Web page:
Sun, Apr. 08, 2007

Internet Law: Search or Research?

CK - Washington.   Telemedicus is a German blog run by several students at Münster University Law School whose area of concentration is Internet law. Highly regarded Prof. Thomas Hoeren holds the Internet chair. In an April 8, 2007 entry, two Telemedicus contributors publish student papers on the future of the Internet economy.

Both papers appear quite useful, at first glance: Internet Trademark Liability Involving Search Engines and Forums, by Adrian Schneider, and Current Legal Issues in Digital TV: IPTV, Triple Play and Video on Demand as Illustrated by the T-Home Service of Deutsche Telekom, by Simon Möller.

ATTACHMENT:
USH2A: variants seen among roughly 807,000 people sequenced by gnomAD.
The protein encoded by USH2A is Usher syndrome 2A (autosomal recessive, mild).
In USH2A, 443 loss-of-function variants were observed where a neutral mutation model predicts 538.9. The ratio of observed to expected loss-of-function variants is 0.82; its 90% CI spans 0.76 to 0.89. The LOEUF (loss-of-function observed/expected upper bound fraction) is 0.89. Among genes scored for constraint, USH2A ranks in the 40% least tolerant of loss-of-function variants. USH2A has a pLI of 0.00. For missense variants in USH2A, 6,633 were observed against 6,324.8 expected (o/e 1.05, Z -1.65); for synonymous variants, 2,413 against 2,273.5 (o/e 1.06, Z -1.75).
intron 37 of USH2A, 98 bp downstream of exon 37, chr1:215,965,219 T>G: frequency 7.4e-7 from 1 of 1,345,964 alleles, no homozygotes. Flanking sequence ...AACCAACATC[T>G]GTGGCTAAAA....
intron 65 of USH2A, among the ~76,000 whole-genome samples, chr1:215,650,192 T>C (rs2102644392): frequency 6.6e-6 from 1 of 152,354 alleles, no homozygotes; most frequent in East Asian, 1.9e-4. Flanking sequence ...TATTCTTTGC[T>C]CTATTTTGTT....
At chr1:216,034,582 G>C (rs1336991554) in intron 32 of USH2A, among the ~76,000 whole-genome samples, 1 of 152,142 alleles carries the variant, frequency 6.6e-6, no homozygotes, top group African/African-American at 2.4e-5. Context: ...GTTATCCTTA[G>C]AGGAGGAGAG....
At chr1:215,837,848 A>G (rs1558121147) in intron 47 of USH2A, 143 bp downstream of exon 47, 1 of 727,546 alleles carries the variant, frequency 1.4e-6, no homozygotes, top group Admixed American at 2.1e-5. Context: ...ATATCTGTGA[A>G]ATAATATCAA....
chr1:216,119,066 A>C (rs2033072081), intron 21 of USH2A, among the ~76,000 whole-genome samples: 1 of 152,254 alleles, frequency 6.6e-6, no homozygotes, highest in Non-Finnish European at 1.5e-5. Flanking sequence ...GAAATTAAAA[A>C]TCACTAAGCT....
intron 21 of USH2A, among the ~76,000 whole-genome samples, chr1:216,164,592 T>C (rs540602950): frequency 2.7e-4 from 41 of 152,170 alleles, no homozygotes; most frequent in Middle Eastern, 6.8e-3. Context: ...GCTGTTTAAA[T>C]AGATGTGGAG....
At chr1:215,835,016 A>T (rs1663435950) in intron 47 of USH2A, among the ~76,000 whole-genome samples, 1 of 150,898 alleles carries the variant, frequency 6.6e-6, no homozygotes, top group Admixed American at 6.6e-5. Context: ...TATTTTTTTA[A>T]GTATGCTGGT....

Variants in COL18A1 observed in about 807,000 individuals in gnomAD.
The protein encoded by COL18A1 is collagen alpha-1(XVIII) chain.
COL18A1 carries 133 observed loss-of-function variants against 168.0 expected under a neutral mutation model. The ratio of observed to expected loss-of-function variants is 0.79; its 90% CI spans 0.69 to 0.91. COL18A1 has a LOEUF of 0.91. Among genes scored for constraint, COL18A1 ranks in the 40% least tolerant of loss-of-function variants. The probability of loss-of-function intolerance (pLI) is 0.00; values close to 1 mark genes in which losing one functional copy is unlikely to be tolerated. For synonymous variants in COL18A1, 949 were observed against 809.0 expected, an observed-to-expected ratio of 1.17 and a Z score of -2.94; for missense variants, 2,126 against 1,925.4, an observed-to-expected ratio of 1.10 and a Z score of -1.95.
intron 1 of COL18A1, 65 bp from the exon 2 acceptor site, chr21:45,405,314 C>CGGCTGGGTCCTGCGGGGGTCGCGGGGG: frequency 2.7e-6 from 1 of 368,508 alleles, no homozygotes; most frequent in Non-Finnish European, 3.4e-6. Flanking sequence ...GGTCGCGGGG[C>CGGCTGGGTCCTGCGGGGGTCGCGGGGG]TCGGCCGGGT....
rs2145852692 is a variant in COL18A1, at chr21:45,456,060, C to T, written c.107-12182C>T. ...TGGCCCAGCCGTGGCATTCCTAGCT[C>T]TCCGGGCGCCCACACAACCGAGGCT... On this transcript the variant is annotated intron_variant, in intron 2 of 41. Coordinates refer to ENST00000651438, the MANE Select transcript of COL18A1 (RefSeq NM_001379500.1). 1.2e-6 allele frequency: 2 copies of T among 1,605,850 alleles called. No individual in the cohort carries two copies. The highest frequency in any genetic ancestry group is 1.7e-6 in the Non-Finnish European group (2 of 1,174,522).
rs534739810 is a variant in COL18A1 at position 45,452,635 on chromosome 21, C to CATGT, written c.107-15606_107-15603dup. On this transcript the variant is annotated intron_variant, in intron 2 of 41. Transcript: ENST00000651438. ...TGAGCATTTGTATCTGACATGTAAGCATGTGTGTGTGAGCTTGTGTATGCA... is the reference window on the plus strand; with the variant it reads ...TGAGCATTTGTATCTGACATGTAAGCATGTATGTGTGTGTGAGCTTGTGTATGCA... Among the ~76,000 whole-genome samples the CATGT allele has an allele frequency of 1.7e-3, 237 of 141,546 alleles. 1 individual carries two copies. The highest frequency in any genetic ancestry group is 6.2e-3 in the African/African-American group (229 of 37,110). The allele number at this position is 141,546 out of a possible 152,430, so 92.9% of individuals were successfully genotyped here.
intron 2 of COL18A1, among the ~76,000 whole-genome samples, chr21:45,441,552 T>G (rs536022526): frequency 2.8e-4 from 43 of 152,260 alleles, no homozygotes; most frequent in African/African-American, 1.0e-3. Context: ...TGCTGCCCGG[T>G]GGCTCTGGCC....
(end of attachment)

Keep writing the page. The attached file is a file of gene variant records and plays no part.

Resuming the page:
The publication of these German-language papers enriches the legal landscape. Readers would benefit, however, from the publication of grades awarded the papers by the Münster law school, or a school endorsement of some sort. Without an indication of their quality, the publications lose some of their value for third parties. At the same time, the commenting feature of blogs enables a public discussion and evaluation which is useful for expert discourse. Interestingly, the authors almost completely ignore 20th century legal writings.

Are the authors unfamiliar with hands-on research in printed materials and rely only on online searches? Internet law has its roots, after all, in computer law and general law. Print publications have covered the former for more than 30 years, and the latter did not become suddenly researchable around 1997.

Aside from such quality issues, making the Münster research results on German Internet and media law available online is a welcome effort. The students' contributions and courage are commendable.


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